Under the supervision of the Dean, the leadership at Tufts School of Engineering consists of Associate Deans and Directors, representing their respective areas of responsibility within the schools. These leaders work together as a team to promote and advance best practices of academic administration within the school.
Prior to his arrival at Tufts in 2012, Dean Barker was assistant provost of undergraduate education at the University of Miami in Florida, with the scope of university-wide responsibilities in the areas of undergraduate research, diversity, academic counseling and advocacy, and academic achievement. He was also the founding director of the Office of Academic Enhancement. In addition, Dean Barker served as a faculty master for one of the University of Miami's residential colleges and as an adjunct faculty member in the university's Department of Educational and Psychological Studies, in Miami's School of Education. A graduate of the State University of New York Oswego where he majored in political science and history, Dean Barker holds a doctorate in higher education from the University of Rochester.
With a doctorate in sociology from Brandeis University, Dr. Davies has written about women, work, families, and child and family policy in the United States. Her book, Woman's Place Is at the Typewriter: Office Work and Office Workers, 1870-1930 (Temple University Press, 1982), is an analysis of the feminization of clerical work in the United States. With Professor Francine Jacobs of Tufts University, she edited More Than Kissing Babies? Current Child and Family Policy in the United States, (Greenwood Publishing Group, 1994).
Professor Omenetto received his doctorate at Universita' di Pavia, Italy, in electrical engineering and applied physics. Omenetto's research is heavily focused on interdisciplinary themes that span nonlinear optics, nanostructured materials (such as photonic crystals and photonic crystal fibers), optofluidics and biopolymer based photonics. His Silk Lab has pioneered the use of silk as a material platform for photonics, optoelectronics and high-technology applications and is actively investigating novel applications that rely on this new technology base. He is a fellow of the Optical Society of America. In 2011, he was named a Guggenheim Fellow by the John Simon Guggenheim Memorial Foundation.
Karen is the recipient of several NASA and National Science Foundation Research Grants, including the NSF CAREER Award. As the first female electrical engineer to be given tenure in the Electrical and Computer Engineering department, Karen continues to promote the interests of women in her field. She was the worldwide director for IEEE Women in Engineering, the largest international professional organization dedicated to promoting women engineers and scientists, from 2007-2009, and served as editor-in-chief of the IEEE Women in Engineering magazine. She is the faculty adviser to the Tufts student chapters of both the Society of Women Engineers and the IEEE, and is founder of the nationally acclaimed "Nerd Girls" program that promotes the engineering disciplines to young students. She currently advises over 30 undergraduate and graduate students. Karen has been recognized for her commitment to education with awards such as the Madeline and Henry Fischer Best Engineering Teacher Award in 2003, the IEEE Major Educational Innovation Award in 2010, and the Anita Borg Institute Women of Vision Award for Social Impact in 2011. In 2010, she received the American Association of Engineering Societies' Norm Augustine Award for communicating the excitement of engineering through outreach activities that promote careers in science and engineering, and encourage youth to improve the environment and change the lives of individuals and communities. Most notably, in 2011 United States President Barack Obama awarded Karen the Presidential Award for Science and Engineering Education and Mentoring.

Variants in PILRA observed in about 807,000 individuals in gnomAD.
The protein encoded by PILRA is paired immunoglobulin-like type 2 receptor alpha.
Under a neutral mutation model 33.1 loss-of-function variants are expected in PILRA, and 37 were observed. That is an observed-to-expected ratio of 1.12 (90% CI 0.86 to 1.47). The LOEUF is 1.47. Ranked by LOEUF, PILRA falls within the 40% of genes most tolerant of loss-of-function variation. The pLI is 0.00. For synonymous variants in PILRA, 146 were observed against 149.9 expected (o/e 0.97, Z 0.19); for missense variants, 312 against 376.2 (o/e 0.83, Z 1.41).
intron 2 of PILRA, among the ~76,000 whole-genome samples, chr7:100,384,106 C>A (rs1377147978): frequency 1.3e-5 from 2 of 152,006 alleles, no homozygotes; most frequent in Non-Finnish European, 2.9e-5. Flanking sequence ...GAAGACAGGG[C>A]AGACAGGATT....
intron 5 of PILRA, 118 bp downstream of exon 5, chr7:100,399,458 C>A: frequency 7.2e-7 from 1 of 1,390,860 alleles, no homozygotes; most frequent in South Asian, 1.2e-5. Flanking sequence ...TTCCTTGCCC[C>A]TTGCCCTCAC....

He currently serves as Vice Chairman for the Center for Responsive Politics, a nonpartisan, independent nonprofit research group tracking money in U.S. politics and its effect on elections and public policy. He also served as an Entrepreneur in Residence at the Tuck School at Dartmouth for four years where he taught classes on mergers and acquisitions and entrepreneurship.
Ranalli received an M.B.A. from the Tuck School of Business at Dartmouth and a BSEE from Stanford University.
Dr. Williams came to Tufts from his former position as a program director at the National Science Foundation, focusing on engineering education. He is a chemical engineer by formal training, receiving his doctorate from University of Maryland College Park. He received a postdoctoral fellowship from the National Institutes of Health to conduct research at The Children's Hospital of Philadelphia.
After the conclusion of his fellowship, Dr. Williams focused on creating opportunities in STEM for underrepresented communities in the Philadelphia area. He served as executive director of iPRAXIS, a nonprofit organization that seeks to support minority scientists to take ideas from bench to business.
Since 2009, Dr. Williams had served as an NSF program director overseeing the grants administration in the Division of Research on Learning in Formal and Informal Settings (DRL) for programs such as Discovery Research K-12 (DRK-12), Innovative Technology Experiences for Students and Teachers (ITEST), National Robotics Initiative (NRI), and Advanced Technological Education (ATE).